[mythtv-users] [RFC] Proposed settings rework

Rod Smith mythtv at rodsbooks.com
Wed Nov 4 20:44:43 UTC 2009


On Tuesday 03 November 2009 07:49:03 pm Michael T. Dean wrote:
> On 11/03/2009 07:27 PM, Rod Smith wrote:
> > On Tuesday 03 November 2009 04:07:22 pm Robert McNamara wrote:
> >> Fine Tune Font Size (should be theme controlled)
> >
> > This is one I wouldn't want to see go away. It's been quite a while since
> > I set up my Myth box, but I distinctly recall having to fine-tune the
> > font sizes to get something that was both legible and small enough to fit
> > enough text in the menus, dialogs, etc. for my screen resolution, screen
> > size, and viewing distance.
>
> This setting applies /only/ to Qt/unthemed sections of MythTV (it's
> actually called, "QtFonTweak," which was both descriptive of its purpose
> and a fun little slurred-together name).  As soon as the settings/setup
> is mythui'ed, the setting will be completely unused in the code.

Currently (in 0.21), there are several font-size options (at least on one 
screen; there may be others elsewhere):

- "Small" font
- "Medium" font
- "Large" font
- Fine tune font size (%)

If you're only talking about the last of those options, then I don't see any 
point in keeping it. The others, I think, should definitely be retained, for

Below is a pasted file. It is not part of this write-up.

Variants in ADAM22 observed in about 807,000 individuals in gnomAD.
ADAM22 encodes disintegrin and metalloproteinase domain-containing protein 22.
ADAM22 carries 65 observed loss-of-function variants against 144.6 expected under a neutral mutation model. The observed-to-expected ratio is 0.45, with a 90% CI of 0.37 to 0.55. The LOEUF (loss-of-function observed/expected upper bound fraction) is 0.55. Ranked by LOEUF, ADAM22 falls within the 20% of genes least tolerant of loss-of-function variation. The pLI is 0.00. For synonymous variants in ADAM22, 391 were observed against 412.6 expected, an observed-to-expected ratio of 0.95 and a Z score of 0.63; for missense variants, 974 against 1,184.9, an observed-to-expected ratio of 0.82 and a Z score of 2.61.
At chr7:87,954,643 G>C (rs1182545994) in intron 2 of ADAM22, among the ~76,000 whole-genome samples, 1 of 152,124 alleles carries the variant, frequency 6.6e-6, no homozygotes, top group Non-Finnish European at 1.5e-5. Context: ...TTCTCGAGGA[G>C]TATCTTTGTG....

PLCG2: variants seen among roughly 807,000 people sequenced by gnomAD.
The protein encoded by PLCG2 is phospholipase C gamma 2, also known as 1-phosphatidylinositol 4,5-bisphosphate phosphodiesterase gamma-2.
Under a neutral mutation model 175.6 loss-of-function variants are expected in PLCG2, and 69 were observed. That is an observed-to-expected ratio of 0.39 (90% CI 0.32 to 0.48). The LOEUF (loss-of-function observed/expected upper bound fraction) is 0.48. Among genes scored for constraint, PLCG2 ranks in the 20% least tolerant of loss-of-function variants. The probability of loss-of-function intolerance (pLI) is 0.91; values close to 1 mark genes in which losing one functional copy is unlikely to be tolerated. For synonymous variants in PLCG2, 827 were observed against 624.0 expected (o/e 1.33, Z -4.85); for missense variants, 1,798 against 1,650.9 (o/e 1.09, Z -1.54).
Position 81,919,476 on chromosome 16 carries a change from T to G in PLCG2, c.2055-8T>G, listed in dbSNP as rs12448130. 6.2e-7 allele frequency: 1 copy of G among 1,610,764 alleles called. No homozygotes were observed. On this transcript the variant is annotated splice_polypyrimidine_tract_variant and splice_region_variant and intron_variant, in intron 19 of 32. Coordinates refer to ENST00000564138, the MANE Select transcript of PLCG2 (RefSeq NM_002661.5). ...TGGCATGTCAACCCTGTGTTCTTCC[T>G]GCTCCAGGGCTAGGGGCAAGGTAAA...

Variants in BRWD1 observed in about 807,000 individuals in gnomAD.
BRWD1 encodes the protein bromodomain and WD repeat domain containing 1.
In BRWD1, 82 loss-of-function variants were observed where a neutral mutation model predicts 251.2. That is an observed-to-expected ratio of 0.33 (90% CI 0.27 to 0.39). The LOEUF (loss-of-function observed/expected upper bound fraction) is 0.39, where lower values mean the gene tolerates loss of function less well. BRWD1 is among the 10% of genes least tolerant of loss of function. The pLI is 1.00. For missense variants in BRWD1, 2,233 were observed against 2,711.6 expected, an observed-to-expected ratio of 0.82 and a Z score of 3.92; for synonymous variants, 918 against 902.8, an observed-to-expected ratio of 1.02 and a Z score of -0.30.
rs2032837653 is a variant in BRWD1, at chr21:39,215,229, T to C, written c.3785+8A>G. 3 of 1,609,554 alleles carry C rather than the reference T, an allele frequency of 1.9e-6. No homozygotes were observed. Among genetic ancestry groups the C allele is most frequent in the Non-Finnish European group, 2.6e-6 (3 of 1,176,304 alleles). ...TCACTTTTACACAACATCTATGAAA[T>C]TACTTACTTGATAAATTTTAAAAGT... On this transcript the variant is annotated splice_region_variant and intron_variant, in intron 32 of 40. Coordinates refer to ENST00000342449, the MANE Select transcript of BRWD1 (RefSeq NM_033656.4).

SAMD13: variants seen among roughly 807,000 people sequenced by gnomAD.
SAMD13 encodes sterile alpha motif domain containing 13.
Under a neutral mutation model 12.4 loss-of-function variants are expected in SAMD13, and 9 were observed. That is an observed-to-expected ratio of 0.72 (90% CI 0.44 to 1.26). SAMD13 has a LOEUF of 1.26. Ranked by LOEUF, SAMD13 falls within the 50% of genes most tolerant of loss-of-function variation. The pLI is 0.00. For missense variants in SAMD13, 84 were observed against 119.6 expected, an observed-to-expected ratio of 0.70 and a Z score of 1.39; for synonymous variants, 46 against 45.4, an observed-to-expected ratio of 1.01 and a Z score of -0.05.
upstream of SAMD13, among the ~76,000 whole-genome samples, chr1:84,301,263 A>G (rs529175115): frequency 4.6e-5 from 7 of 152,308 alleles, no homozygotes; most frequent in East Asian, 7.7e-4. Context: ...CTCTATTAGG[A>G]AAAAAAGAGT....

the reasons I specified. Your comments below make me think you may have 
eliminated these in 0.22 or 0.23, but I'm not sure of that.

> >> OSD Font (themer controlled upon MythUI conversion)
> >> Font Size (themer controlled upon MythUI conversion)
> >> Default Caption Font Type (themer controlled upon MythUI conversion)
> >> ALL the caption font settings (themer controlled upon MythUI conversion)
> >
> > See above. It might be reasonable to fold these settings up with general
> > UI font settings, though, if that's convenient.
>
> Since the font face and size determines the amount of space required to
> present the text, it makes a lot of sense to make these theme
> controlled.  If not, then users will see the themes as broken when "the
> text doesn't fit" or "there's all sorts of wasted space."  This is the
> same reason that the UI theme now handle /all/ font face and sizing
> selection--because you can't expect to just stuff any old font/size in
> there and have everything fit properly.
>
> Even the <size:small> and <size:big> were removed from the UI themes,
> and, therefore, the setting allowing users to select default, small, or
> big fonts was removed.

To what version are you referring, and are you referring to the OSD only or to 
fonts in menus when not playing recordings? I'm using 0.21, and there are 
definitely default, small, and big font options for the menu fonts, as noted 
above. If those settings have been removed in 0.22, then I view it as a 
backward step. A big home-theater setup using 1080i resolution is likely to 
work better with smaller fonts than a little 9-inch analog set in a kitchen 
running 640x480 via composite cables. Different themes can, of course, be 
customized for different screen sizes, but that'll just force unpleasant 
choices on users regarding what themes to use.